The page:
2 comments:

Docnaz said...

Delightful episode, I thought. I can' t see Denise as anyone but David Duchovny/Mulder. I love any time Shakespeare is recited and I recite along. I thought the Marsh driver was the character who played Andy at first. I liked this episode better than the last, but even the bad episodes have laugh out loud moments. Hawk falling backwards through the door was great.

Keith Kotay said...

Not one of my favorite episodes from a plot standpoint. The cocaine frame-up may have seemed more serious the first time I saw Twin Peaks, but now it just seems like a traditional soap opera twist that doesn't accomplish anything. The writers should have concentrated on the border crossing, lack of coordination with Canadian authorities, and the fact that someone was killed in the operation (by Hawk). The rescue attempt is something for which Cooper does bear responsibility. Whether it can be excused by the imminent danger Audrey faced depends on FBI regulations.

The Milford arc provides 'local color' but doesn't seem very interesting. Ditto for the Nadine arc, the Nicky arc, and the Marsh arc. It's possible that F&L are using these arcs to indicate the strange effect that proximity to the Lodges has on people in Twin Peaks and the surrounding area. Or, they are simply trying to fill episodes until the dramatic events at the end of the season.

With the murders 'solved' and Leland/BOB out of the story (BOB might be around, but we don't know where) we are in desperate need of a villain. Jean Renault is the stand-in villain for the moment--the actor projects a decent amount of menace (plus a standard American-attempting-a-French-Canadian accent), but we don't see him very often. The up-and-coming villain is Windom Earle, but the writers are only teasing him for now.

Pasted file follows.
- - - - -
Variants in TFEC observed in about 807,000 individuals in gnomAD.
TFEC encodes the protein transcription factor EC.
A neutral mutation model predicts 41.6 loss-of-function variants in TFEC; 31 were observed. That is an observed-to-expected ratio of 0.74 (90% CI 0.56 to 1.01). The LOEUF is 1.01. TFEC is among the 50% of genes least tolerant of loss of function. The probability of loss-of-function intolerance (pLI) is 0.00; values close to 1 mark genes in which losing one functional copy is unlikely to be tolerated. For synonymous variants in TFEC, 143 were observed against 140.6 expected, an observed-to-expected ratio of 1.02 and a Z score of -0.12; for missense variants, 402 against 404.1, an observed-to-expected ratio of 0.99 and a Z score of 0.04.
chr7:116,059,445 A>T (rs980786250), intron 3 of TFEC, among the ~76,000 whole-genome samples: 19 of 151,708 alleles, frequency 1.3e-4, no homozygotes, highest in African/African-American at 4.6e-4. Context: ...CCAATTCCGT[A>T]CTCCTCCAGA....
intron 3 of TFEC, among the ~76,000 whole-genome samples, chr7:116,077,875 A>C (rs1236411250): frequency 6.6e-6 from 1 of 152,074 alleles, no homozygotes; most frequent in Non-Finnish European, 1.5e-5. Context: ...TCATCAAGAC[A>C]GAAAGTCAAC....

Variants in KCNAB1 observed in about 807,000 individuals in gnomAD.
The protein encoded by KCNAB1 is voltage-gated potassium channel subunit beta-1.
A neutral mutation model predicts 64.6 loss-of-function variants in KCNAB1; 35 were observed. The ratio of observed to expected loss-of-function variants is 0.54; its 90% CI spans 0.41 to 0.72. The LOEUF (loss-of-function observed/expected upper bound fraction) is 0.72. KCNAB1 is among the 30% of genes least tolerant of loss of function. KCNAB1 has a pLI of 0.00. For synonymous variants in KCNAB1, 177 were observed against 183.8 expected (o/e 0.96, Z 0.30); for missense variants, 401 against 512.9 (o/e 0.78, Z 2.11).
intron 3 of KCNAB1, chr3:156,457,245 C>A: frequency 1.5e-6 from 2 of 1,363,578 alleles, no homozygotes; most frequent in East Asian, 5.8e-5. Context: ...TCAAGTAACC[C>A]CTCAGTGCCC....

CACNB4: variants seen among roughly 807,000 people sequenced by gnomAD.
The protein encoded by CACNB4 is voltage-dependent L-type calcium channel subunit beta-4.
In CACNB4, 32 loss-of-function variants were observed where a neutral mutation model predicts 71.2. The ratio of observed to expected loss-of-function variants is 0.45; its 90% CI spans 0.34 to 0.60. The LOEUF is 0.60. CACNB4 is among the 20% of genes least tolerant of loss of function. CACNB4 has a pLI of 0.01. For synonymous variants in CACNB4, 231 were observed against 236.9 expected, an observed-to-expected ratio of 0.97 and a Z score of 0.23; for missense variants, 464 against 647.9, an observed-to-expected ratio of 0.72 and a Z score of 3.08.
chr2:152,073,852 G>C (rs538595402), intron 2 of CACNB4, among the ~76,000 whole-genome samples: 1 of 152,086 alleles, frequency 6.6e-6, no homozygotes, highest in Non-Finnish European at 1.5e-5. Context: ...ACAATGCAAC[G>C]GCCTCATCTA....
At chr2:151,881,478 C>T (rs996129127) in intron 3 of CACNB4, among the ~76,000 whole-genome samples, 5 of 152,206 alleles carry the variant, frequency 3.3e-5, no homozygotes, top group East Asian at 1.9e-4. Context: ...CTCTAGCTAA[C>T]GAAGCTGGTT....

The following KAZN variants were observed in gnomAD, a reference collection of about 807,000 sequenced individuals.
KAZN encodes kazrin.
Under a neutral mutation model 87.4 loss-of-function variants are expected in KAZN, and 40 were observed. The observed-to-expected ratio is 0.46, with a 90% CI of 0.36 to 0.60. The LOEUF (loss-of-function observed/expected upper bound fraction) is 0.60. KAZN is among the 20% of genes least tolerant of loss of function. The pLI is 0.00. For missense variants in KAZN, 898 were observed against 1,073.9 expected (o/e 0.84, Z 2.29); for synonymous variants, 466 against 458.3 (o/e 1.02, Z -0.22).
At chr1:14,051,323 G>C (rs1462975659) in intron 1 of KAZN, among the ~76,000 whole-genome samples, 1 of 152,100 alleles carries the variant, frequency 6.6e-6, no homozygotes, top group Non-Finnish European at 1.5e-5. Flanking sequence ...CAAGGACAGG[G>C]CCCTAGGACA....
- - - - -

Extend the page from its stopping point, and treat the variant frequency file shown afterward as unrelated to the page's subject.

The big reveal is the sudden reappearance of Major Briggs in a flash of lighting--for some reason dressed as a WWI fighter pilot (?). He isn't sure how long he's been gone, and he tells his wife that things are not alright. Following whatever mind-bending experience he has been through and his sudden return to the real world, he manages to tell Bobby to put out his cigarette--I had to laugh at that.

It seems out of character that Hawk becomes so suddenly enamored by the widow Milford, although his pratfall was amusing. Then, the same thing happens to all men in the police station--perhaps it was done as a joke, or there is something sinister about the widow (I don't remember this arc, so I doubt it).

Finally, I've realized that complimenting the reviewer first is not beneficial for comment poetry, so I'm going to do it last: Great review, Josie! :-) I like your analysis of what's happening to Cooper--how he's going beyond "the edges of the board." We always knew that Cooper had a mystical streak--as evidenced by his 'Tibetan investigative method'--but his experiences in Twin Peaks have pushed him to another level. Prophetic dreams, waking visions, and interaction with inhabiting spirits tend to have that effect. Cooper's 'pure heart' and lack of fear (the two may be related) enable him to integrate these events into his worldview without losing his sanity. This has been helped by some objective facts (the COOPER/COOPER/COOPER message delivered by the Major, and the physical return of his missing ring by the Giant), as well as some shared subjective experiences with other trusted individuals (Truman, Hawk, etc.). Imagine having these experiences without any external corroboration--I'm not sure even Cooper could have withstood that. Which begs the question, "How did Laura Palmer retain her sanity for so long?"